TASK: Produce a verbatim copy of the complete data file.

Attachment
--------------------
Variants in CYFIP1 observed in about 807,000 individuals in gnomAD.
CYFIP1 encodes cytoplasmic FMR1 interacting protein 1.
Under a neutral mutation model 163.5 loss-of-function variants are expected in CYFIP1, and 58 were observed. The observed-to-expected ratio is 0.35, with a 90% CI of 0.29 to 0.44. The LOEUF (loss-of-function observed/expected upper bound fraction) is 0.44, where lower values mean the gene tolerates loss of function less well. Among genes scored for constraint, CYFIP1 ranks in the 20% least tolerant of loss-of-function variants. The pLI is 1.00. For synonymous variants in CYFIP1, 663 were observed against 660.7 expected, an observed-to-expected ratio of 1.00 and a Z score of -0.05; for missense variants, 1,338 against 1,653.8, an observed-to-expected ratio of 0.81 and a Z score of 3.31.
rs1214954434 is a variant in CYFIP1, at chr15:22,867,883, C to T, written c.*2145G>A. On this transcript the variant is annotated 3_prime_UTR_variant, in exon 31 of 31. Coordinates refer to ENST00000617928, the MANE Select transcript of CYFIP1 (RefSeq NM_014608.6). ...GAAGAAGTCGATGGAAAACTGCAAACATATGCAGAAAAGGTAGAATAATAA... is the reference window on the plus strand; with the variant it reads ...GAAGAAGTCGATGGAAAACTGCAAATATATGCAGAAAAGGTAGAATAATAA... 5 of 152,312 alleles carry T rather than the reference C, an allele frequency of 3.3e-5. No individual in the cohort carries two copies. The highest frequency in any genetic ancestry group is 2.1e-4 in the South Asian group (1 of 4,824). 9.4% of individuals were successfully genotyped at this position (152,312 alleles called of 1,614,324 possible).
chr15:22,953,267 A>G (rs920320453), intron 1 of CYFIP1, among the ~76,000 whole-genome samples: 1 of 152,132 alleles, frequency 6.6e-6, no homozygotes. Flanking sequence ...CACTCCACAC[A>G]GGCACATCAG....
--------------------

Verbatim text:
Variants in CYFIP1 observed in about 807,000 individuals in gnomAD.
CYFIP1 encodes cytoplasmic FMR1 interacting protein 1.
Under a neutral mutation model 163.5 loss-of-function variants are expected in CYFIP1, and 58 were observed. The observed-to-expected ratio is 0.35, with a 90% CI of 0.29 to 0.44. The LOEUF (loss-of-function observed/expected upper bound fraction) is 0.44, where lower values mean the gene tolerates loss of function less well. Among genes scored for constraint, CYFIP1 ranks in the 20% least tolerant of loss-of-function variants. The pLI is 1.00. For synonymous variants in CYFIP1, 663 were observed against 660.7 expected, an observed-to-expected ratio of 1.00 and a Z score of -0.05; for missense variants, 1,338 against 1,653.8, an observed-to-expected ratio of 0.81 and a Z score of 3.31.
rs1214954434 is a variant in CYFIP1, at chr15:22,867,883, C to T, written c.*2145G>A. On this transcript the variant is annotated 3_prime_UTR_variant, in exon 31 of 31. Coordinates refer to ENST00000617928, the MANE Select transcript of CYFIP1 (RefSeq NM_014608.6). ...GAAGAAGTCGATGGAAAACTGCAAACATATGCAGAAAAGGTAGAATAATAA... is the reference window on the plus strand; with the variant it reads ...GAAGAAGTCGATGGAAAACTGCAAATATATGCAGAAAAGGTAGAATAATAA... 5 of 152,312 alleles carry T rather than the reference C, an allele frequency of 3.3e-5. No individual in the cohort carries two copies. The highest frequency in any genetic ancestry group is 2.1e-4 in the South Asian group (1 of 4,824). 9.4% of individuals were successfully genotyped at this position (152,312 alleles called of 1,614,324 possible).
chr15:22,953,267 A>G (rs920320453), intron 1 of CYFIP1, among the ~76,000 whole-genome samples: 1 of 152,132 alleles, frequency 6.6e-6, no homozygotes. Flanking sequence ...CACTCCACAC[A>G]GGCACATCAG....